Apple Wants Samsung To Pay $2.5 Billion For Patent Infringements

James Johnson - Author

Jun. 15 2013, Updated 9:40 p.m. ET

Apple wants Samsung to pay $2.5 billion for patent infringement. That is the amount of money Apple has requested as part of the patent trial which begins on July 30.

Apple is claiming that Samsung’s infringement resulted in the direct loss of $500 million in profits and $25 million in “reasonable royalty damages.” The company also says Samsung was “unjustly enriched” by its patent violations and should therefore pay Apple $2.525 billion in total.

The world’s largest tech firm is asking that Samsung pay $30 for every infringing Samsung device include $24 for violating Apple’s design patents. Apple also wants $2.02 for “overscroll bounce” and $3.10 for a scrolling API patent. Apple’s final claim comes from a $2.02 per device payment for “tap to zoom and navigate.”

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Later in the brief Apple suggests that Samsung not pay future royalties but instead come up with its own technology.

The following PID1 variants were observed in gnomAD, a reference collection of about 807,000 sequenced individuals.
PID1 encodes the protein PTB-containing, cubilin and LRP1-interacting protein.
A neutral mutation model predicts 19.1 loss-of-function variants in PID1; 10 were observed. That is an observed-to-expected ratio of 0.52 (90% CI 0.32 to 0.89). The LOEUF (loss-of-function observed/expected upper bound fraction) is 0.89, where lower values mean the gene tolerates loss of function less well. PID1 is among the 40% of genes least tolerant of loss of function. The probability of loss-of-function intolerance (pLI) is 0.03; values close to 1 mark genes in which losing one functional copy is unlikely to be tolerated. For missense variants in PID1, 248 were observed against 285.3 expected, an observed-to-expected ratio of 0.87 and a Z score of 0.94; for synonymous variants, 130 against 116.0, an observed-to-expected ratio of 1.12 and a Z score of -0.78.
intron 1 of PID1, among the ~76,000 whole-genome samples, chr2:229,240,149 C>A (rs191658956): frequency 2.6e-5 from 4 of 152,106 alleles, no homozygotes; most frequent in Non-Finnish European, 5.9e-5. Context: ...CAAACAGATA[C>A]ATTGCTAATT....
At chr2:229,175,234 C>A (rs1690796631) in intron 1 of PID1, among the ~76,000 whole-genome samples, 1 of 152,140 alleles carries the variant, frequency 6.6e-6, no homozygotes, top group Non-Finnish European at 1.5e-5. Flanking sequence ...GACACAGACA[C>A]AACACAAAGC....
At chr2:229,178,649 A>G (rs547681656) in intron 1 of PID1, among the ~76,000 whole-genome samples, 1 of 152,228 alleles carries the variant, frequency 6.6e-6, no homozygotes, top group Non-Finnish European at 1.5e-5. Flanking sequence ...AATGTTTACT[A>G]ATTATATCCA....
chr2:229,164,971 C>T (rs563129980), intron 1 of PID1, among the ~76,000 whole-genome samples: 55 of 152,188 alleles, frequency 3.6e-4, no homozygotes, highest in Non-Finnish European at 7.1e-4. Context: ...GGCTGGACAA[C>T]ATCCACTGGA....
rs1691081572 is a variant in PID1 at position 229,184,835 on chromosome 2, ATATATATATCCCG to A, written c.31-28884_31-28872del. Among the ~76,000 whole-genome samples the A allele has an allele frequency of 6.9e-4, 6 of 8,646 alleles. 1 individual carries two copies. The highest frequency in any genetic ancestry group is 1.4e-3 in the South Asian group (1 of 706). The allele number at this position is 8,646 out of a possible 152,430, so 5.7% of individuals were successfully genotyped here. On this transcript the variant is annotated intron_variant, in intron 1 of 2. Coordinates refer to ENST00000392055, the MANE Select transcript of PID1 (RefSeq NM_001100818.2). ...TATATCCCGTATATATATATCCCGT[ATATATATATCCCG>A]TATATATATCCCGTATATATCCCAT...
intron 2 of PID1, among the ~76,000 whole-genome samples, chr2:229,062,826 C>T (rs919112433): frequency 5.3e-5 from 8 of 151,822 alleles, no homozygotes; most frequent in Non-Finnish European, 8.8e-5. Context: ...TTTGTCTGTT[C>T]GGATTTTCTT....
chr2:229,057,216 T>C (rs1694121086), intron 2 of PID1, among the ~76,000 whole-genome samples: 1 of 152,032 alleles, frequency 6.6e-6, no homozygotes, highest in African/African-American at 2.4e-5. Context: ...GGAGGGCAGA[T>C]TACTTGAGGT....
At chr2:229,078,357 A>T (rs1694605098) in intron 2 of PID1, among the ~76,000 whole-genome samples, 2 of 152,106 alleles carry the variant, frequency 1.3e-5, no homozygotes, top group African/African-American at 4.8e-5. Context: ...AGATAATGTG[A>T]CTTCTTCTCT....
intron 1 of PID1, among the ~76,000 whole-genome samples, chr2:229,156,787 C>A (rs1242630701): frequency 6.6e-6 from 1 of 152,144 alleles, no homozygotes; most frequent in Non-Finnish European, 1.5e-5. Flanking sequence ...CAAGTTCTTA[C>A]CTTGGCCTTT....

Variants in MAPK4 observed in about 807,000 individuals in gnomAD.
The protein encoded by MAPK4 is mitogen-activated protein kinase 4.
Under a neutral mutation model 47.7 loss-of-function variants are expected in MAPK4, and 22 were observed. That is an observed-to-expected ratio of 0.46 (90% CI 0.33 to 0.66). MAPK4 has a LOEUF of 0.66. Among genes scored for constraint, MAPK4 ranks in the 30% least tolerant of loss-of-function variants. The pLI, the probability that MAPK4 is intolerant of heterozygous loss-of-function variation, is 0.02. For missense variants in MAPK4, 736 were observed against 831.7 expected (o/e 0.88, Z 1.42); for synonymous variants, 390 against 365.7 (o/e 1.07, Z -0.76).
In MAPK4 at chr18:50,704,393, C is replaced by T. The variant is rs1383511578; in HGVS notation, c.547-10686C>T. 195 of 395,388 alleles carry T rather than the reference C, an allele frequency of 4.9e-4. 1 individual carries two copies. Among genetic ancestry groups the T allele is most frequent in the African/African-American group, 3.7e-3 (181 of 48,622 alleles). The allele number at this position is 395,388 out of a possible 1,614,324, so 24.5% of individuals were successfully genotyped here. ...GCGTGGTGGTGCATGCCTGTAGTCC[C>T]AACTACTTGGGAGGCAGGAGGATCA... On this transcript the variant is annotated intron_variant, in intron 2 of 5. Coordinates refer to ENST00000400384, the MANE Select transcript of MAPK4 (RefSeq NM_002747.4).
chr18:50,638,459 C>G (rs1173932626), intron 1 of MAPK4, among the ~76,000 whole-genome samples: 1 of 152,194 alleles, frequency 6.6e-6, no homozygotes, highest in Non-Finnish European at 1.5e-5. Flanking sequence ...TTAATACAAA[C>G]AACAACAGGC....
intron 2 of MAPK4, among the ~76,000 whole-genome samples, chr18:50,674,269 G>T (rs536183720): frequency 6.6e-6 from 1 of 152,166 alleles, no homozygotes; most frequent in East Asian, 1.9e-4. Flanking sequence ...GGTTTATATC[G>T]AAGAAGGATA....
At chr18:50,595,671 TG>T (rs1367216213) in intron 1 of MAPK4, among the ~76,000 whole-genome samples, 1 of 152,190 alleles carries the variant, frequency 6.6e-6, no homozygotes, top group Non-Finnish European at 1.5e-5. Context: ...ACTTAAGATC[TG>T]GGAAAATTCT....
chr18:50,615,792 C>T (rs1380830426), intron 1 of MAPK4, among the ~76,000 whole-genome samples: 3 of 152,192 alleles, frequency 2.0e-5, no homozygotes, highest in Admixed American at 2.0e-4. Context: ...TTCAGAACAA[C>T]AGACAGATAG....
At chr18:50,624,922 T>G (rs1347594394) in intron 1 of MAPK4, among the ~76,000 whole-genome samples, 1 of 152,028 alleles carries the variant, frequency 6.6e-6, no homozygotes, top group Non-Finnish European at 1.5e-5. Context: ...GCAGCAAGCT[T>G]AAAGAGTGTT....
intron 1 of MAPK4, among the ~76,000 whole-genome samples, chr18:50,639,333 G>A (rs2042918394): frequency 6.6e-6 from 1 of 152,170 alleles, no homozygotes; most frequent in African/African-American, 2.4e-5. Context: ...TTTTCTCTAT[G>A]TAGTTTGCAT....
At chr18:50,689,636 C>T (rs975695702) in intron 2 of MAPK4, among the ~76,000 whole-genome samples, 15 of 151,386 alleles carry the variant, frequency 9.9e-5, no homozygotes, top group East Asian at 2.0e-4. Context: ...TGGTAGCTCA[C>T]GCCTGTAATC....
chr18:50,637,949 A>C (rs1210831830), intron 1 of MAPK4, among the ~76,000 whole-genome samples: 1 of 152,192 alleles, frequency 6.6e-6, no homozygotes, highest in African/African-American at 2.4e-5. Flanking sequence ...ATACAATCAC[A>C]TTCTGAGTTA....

Apple throughout its brief continues to use strongly worded statements, for example claiming that Samsung simply “chose to compete by copying Apple.” The tech giant than claims “Samsung’s infringing sales have enabled Samsung to overtake Apple as the largest manufacturer of smartphones in the world.”

Finally Apple states that “Samsung must play by the rules. It must invent its own stuff. Its flagrant and massive infringement must stop.”

Apple is currently offering Samsung a half-cent royalty rate per standards-essential patent, an option that would come with restrictions. Should the company’s reach an agreement Samsung could end up receiving payments from Apple for its own standards-essential patents, an amount expected to be much smaller than Apple’s own patent rights.

Apple CEO Tim Cook met with Samsung’s vice chairman Choi Gee-Sung to work out a deal but an agreement could not be reached.

In the meantime in case you haven’t heard, Apple invented the cell phone on January 9, 2007, at least that seems to be the way Apple views the history of an industry pioneered by Motorola.


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